An especially fun part of Gal Gohan’s third volume comes when Miku meets up with her senpai Maki, who has maintained certain aspects of the “gal” style to herself, but who carries herself with an indisputable maturity that clearly sets itself apart from Miku. That said, Maki almost immediately reveals herself to be anything but infallible by catching her skirt on her bag and displaying her ass and sexy panties to the world — though we also learn where Miku gets her complete lack of shame from, since Maki demonstrates absolutely no sense of embarrassment whatsoever, even going so far as to explain that the panties were her boyfriend’s choice.
What’s interesting about the encounter between Miku and Maki is that the former causes the latter to think about the situation in a way she claims not to have considered before: the fact that her behaviour is more indicative of genuinely being in love with Yabe rather than simply having a crush.
Of course, our experience with Miku up until this point means that we’re probably well ahead of her in realising this, but hearing it from her senpai appears to give her a moment of clarity. And Maki is one of the few people who unconditionally encourages her to pursue her dreams — although Miku does conveniently and conspicuously leave out the fact that the object of her affections is a teacher.
“Someone that perpetually cool can smile like that when she’s in love,” Miku ponders to herself after the pair say farewell to one another after their day together. “It really got to me.”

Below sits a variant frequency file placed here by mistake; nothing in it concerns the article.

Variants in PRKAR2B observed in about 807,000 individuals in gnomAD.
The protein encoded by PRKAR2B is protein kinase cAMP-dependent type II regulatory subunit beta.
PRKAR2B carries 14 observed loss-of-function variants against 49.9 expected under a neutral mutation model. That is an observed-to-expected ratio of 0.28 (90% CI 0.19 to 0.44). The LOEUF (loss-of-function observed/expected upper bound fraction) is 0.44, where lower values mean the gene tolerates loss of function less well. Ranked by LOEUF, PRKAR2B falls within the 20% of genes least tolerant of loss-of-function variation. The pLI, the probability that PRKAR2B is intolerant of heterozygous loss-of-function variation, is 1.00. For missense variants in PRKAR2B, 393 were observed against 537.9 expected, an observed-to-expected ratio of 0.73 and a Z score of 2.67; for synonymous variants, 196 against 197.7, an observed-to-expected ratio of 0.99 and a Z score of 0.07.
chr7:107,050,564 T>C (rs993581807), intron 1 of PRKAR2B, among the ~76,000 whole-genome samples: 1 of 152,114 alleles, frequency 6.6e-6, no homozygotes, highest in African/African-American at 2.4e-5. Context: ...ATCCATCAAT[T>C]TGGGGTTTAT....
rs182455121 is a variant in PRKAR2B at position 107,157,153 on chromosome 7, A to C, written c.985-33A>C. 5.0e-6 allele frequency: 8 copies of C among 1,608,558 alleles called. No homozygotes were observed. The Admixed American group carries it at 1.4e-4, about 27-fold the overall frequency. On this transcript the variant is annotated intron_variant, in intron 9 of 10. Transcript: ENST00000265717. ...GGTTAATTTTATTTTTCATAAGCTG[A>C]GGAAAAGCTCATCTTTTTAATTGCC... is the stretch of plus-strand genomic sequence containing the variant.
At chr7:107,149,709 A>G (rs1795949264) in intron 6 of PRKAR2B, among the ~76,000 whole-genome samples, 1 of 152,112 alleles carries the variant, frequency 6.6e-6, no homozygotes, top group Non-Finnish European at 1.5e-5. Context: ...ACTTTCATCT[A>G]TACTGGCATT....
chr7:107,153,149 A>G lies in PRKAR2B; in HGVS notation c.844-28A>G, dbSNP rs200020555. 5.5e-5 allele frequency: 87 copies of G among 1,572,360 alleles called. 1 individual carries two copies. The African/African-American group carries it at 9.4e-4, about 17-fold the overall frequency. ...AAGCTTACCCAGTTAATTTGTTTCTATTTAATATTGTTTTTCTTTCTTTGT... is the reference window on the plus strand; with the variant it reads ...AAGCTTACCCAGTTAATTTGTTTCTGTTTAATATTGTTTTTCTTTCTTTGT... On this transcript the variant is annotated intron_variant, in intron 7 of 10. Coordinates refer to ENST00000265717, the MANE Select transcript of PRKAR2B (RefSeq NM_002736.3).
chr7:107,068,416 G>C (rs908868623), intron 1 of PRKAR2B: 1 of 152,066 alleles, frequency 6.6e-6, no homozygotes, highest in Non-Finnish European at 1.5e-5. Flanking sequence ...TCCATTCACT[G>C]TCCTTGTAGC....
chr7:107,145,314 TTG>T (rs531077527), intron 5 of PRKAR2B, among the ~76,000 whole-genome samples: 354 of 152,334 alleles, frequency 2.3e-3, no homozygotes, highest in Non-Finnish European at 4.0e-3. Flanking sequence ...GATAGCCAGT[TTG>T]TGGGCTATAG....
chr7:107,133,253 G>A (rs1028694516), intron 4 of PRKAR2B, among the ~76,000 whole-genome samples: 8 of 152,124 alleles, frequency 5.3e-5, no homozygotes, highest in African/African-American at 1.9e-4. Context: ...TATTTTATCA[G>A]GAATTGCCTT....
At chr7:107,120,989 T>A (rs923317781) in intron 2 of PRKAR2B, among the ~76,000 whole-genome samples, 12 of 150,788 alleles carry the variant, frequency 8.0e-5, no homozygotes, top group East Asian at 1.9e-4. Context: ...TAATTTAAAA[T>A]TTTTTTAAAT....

From hereon, we see a subtle but nonetheless noticeable change in Miku. Almost immediately we witness her starting to say things that are sweet rather than sexually provocative, and it’s obvious that she wants to make this work. Yabe, meanwhile, despite mostly appearing oblivious to Miku’s affections — although there are numerous scenes where he demonstrates momentary embarrassment and appears to know exactly what the situation is — also starts to act a little differently. He questions the way he speaks to Miku, often wondering if he’s being too harsh in shooting down her advances, and actually finds himself missing her when she doesn’t show up at times he expects to see her.
Amid all this, of course, Fujiwara keeps showing up and making things even more complicated. The relationship dynamic is a little different here, though; while Fujiwara is rather more subtle about her growing feelings for Yabe — and often tries to deny them to herself — Yabe’s treatment of her is much more as one might expect given the status and age difference between them. He praises her for doing a good job, calls her “young lady” and even gives her a pat on the head on several occasions — though, of course, none of this helps her quell the fire of romance that has been lit within her heart.
In fact, in some respects one could argue that, despite her protestations that she doesn’t want to be treated like a child — which is what Yabe is essentially doing — she really does. Her position on the school council along with her position of responsibility in her family taking care of her brothers means that she doesn’t get a lot of opportunity to “be young”, and the time she spends with Shinji, whether it’s participating in the cooking club or simply being praised by him for a job well done, allows her a momentary escape from what appears to have been a life of enforced maturity.
The climax of the third volume of Gal Gohan is a Halloween-themed scene where Miku ends up kissing Yabe on the cheek. This, of course, marks a significant line being crossed — but the whole thing marks an important turning point for Miku. She has done something that she absolutely cannot take back — and from here she needs to decide how she is going to live with that. Plus, of course, Yabe has to determine how he is going to live with it, too.
But that’s a story for the next volume, of course!
Gal Gohan vol. 3’s paperback release appears to have become oddly hard to find at the time of writing, but links to a variety of retailers and digital versions can be found on Seven Seas’ website.